Sports betting legislation has finally passed in Ohio after Governor Mike DeWine signed it into law a few days before Christmas of 2021. Projections are that there will be a $12 billion sports betting handle, creating $900 million in revenue which will yield $90 million in taxes for The Buckeye State.
But the entire process has moved at a glacial pace in Ohio and it could be as late as January 1st of 2023 before both the retail and online platforms go live. Rick Anthony, deputy executive director for the Ohio Casino Control Commission said, “We have a year, and we do feel a year is needed. Because of the across-the-board universal start date, including the retail components in the bill, we feel that will be the date.”
Apparently, the delay will be due to completing the rules and regulations to be set forth by the Ohio Casino Control Commission to which Anthony stated, “We’ve been in contact with other regulators to understand how the industry works. Our agency has been anticipating this for a while. We have people on staff who know a lot about the sports betting industry in the country. We have a very good starting point on what we want to do.
“I would expect our first drafts of the rules in the first quarter of next year (2022). We have ideas of what we want to do and have been working on them since the bill was introduced.” (h/t PlayOhio)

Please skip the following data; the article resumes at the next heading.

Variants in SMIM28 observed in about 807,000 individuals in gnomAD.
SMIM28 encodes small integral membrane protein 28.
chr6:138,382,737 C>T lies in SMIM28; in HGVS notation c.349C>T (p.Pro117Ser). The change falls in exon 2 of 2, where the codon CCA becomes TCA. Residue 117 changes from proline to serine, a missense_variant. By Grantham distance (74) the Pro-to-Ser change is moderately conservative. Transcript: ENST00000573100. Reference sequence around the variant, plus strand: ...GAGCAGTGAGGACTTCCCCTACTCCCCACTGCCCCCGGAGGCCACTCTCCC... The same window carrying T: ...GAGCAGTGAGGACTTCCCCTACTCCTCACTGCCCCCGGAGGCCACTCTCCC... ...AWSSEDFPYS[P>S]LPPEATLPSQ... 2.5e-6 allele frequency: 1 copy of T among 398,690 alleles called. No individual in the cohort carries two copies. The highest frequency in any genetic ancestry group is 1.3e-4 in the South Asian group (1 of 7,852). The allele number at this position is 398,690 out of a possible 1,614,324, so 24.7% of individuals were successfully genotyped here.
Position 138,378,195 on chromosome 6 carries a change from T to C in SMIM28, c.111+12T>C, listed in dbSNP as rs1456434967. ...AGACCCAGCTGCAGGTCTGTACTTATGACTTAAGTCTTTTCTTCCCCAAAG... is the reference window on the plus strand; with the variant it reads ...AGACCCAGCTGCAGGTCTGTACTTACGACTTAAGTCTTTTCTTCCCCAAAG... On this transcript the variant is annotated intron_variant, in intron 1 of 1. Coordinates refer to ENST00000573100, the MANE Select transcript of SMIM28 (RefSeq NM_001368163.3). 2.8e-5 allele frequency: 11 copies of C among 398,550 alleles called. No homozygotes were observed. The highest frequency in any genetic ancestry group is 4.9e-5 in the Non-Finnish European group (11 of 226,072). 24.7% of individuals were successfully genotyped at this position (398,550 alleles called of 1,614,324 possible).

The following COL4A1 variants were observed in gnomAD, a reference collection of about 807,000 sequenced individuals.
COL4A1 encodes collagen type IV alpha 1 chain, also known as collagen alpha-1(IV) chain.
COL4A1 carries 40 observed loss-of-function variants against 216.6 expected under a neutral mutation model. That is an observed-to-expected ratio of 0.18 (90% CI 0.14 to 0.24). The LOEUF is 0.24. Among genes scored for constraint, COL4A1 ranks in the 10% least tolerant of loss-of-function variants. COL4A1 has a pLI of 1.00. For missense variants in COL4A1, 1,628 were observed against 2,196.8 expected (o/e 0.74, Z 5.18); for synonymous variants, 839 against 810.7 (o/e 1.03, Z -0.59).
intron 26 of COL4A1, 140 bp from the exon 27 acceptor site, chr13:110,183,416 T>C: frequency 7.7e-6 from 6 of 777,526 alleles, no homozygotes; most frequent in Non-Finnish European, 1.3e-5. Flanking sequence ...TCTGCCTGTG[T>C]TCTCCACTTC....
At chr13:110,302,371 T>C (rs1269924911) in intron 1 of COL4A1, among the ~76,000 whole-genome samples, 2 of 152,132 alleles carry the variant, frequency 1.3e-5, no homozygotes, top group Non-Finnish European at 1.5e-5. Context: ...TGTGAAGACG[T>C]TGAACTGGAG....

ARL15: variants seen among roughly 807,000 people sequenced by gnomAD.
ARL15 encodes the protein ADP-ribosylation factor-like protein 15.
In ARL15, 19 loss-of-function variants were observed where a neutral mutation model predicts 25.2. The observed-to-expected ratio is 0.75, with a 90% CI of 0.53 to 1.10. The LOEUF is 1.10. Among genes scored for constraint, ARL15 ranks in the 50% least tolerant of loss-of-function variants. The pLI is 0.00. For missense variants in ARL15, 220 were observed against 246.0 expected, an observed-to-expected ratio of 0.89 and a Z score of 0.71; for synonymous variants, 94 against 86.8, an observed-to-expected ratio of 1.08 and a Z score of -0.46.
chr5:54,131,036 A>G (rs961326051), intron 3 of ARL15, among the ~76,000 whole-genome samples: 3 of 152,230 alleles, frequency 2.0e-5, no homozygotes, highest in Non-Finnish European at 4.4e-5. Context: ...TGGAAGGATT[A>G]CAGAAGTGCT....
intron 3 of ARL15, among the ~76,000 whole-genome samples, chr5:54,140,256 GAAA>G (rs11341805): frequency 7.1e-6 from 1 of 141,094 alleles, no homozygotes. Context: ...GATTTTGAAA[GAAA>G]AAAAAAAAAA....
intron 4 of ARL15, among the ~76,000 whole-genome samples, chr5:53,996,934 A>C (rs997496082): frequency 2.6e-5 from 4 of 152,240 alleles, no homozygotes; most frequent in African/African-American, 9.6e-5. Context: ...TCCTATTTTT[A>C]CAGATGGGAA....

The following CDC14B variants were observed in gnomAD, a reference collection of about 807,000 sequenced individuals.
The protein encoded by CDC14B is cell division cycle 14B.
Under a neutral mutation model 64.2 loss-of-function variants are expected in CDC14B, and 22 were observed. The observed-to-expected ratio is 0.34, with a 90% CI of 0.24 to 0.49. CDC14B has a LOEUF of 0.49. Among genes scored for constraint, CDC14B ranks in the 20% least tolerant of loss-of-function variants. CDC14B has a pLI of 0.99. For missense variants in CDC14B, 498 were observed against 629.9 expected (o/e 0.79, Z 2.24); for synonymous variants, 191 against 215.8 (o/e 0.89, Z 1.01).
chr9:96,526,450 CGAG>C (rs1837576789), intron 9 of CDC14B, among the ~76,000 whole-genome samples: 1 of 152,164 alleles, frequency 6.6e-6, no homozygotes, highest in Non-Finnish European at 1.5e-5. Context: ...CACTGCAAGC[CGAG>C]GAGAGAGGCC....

New Hall of Fame
And while the legalities and procedures are being ironed out, we have learned that Rush Street Interactive (RSI) will be setting up shop at the Pro Football Hall of Fame Village which features, among other attractions, a hotel, water park, stadium, retail shops, and of course, the museum.
Richard Schwarts, CEO of Rush Street Interactive, stated, “Hall of Fame Village shares RSI’s drive to create fun, memorable experiences for customers as well as our passion for building a one-of-a-kind destination that will delight the millions of guests that will visit the Hall of Fame Village campus each year.”
Michael Crawford, Hall of Fame Village President and CEO, announced the collaboration by saying, “With the legalization of sports betting in Ohio, we see a variety of opportunities and benefits across our company’s multiple business lines. We considered many different retail sportsbook operators but selected RSI because of its outstanding reputation, impressive sportsbook results in other markets, and the quality and experience of its team. We are thrilled to work with RSI to bring a retail sportsbook to the Hall of Fame Village’s Fan Engagement Zone and provide guests and fans a new and enhanced way to interact with their favorite sports, all conveniently from our campus.”
Revenues Set to Go to Education and Gambling Addiction Programs
With 98 percent of the state’s revenues earmarked for education, 2 percent will be directed to gambling addiction programs whose workload is expected to rise because of the legalization of sports betting in the state. The state-sponsored gambling helpline (1-800-589-9966) currently averages roughly 500 calls in a typical month.
Steve Kapela, the manager of the Zepf Center in Toledo, a treatment center for those with gambling addictions, said, “We expect that number to increase,” Longmeier said. “What that looks like, we’re not sure. But we’ll have the appropriate people in place to be prepared for that uptick.”